We have a mental image of goats as funny-looking animals with little beards who eat cans or shirttails, or who’ll butt you if you’re not looking. But God uses goats and sheep to illustrate something very serious. One day He will say, “Sheep on My right hand, goats on My left!” The significance of God’s right hand is that those on the right are favored and those on the left are disfavored.

Ask a farmer with a great deal of experience, and he will tell you that goats are never happy with what they have. They are always sticking their head through the fence. They
can’t stand to be confined. They are rebellious and stubborn. They are not good followers. Sheep will usually stay together, but goats wander off on their own. A “Judas Goat” is a goat that is used to lead – but it leads to the slaughter. Goats like to get higher up than the other animals.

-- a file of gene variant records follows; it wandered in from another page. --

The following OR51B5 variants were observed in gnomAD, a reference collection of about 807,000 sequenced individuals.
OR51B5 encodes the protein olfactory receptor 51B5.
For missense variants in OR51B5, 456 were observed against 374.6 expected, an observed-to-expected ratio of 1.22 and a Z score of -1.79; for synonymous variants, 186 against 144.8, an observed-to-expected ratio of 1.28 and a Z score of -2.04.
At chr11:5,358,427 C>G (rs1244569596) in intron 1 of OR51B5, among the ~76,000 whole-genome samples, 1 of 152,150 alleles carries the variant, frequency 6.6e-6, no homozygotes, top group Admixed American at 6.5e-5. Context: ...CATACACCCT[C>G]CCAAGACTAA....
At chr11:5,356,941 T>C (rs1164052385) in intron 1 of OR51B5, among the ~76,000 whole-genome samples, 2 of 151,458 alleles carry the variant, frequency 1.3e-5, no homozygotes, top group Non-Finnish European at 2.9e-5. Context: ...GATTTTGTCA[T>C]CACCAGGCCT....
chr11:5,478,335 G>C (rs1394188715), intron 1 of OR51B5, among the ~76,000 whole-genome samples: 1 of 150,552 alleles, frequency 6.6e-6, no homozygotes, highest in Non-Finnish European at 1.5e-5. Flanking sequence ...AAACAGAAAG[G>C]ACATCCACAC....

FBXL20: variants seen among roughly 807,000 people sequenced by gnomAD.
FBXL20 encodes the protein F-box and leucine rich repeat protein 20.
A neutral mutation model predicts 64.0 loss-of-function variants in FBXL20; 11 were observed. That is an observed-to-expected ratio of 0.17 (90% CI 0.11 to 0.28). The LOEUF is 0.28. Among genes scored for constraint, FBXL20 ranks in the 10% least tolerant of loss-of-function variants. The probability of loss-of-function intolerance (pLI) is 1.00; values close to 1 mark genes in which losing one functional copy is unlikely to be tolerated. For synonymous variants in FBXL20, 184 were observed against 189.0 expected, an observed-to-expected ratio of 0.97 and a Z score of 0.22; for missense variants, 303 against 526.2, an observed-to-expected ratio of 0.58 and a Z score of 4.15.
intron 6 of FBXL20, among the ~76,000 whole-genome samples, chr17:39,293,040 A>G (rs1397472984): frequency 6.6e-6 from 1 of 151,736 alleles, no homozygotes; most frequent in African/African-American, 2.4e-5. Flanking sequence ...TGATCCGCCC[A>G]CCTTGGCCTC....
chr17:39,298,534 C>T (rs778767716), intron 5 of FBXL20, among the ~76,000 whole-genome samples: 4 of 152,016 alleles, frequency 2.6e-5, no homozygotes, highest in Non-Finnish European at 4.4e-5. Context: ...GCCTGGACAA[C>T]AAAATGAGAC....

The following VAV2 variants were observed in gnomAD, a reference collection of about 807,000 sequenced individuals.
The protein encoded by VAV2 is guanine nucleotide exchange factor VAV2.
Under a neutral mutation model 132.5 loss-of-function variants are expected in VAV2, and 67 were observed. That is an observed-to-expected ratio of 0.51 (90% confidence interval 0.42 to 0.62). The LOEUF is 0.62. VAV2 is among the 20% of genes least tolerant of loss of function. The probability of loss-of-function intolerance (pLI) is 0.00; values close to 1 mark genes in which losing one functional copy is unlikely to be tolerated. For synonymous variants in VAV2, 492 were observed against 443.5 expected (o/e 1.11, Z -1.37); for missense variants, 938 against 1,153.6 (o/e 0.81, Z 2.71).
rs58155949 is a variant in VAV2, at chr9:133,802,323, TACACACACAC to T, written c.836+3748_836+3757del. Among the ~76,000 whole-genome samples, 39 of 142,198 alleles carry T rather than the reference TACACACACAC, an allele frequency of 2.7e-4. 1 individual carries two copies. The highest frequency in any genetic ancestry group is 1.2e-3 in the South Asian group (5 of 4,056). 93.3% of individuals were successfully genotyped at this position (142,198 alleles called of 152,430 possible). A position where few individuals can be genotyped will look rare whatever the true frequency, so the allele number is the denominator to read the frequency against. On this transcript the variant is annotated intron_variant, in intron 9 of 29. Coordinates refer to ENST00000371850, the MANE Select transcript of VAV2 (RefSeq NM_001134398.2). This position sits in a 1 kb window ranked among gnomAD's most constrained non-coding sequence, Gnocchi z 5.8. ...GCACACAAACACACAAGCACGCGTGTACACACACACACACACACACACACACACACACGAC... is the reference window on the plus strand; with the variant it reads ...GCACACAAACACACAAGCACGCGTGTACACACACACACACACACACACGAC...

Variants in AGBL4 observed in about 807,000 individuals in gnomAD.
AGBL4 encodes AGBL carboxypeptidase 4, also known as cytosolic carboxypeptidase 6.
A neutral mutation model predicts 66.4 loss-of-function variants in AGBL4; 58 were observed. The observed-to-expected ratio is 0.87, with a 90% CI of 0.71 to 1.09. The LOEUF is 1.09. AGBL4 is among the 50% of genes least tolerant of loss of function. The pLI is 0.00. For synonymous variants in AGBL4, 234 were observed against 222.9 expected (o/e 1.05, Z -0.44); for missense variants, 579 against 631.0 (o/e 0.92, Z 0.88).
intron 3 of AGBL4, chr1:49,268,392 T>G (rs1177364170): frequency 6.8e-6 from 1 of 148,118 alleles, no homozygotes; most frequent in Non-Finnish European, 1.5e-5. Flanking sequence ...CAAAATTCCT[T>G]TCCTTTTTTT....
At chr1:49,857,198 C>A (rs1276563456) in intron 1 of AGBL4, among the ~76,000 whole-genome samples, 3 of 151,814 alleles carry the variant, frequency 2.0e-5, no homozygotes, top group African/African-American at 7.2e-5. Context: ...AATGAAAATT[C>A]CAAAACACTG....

We all have some goat-like characteristics in us. We want to stand out. We’re tired of following. We’re not happy with what we have. We like to eat things that sheep wouldn’t eat, even if these things have no value and will make us sick.

Don’t hold on to the “goat” in you. If someone wants to “get your goat,” let him have it. You don’t want it anyway.

What turns away wrath?

A soft answer turneth away wrath: but grievous words stir up anger.

Proverbs 15:1

And, ye fathers, provoke not your children to wrath: but bring them up in the nurture and admonition of the Lord.

Ephesians 6:4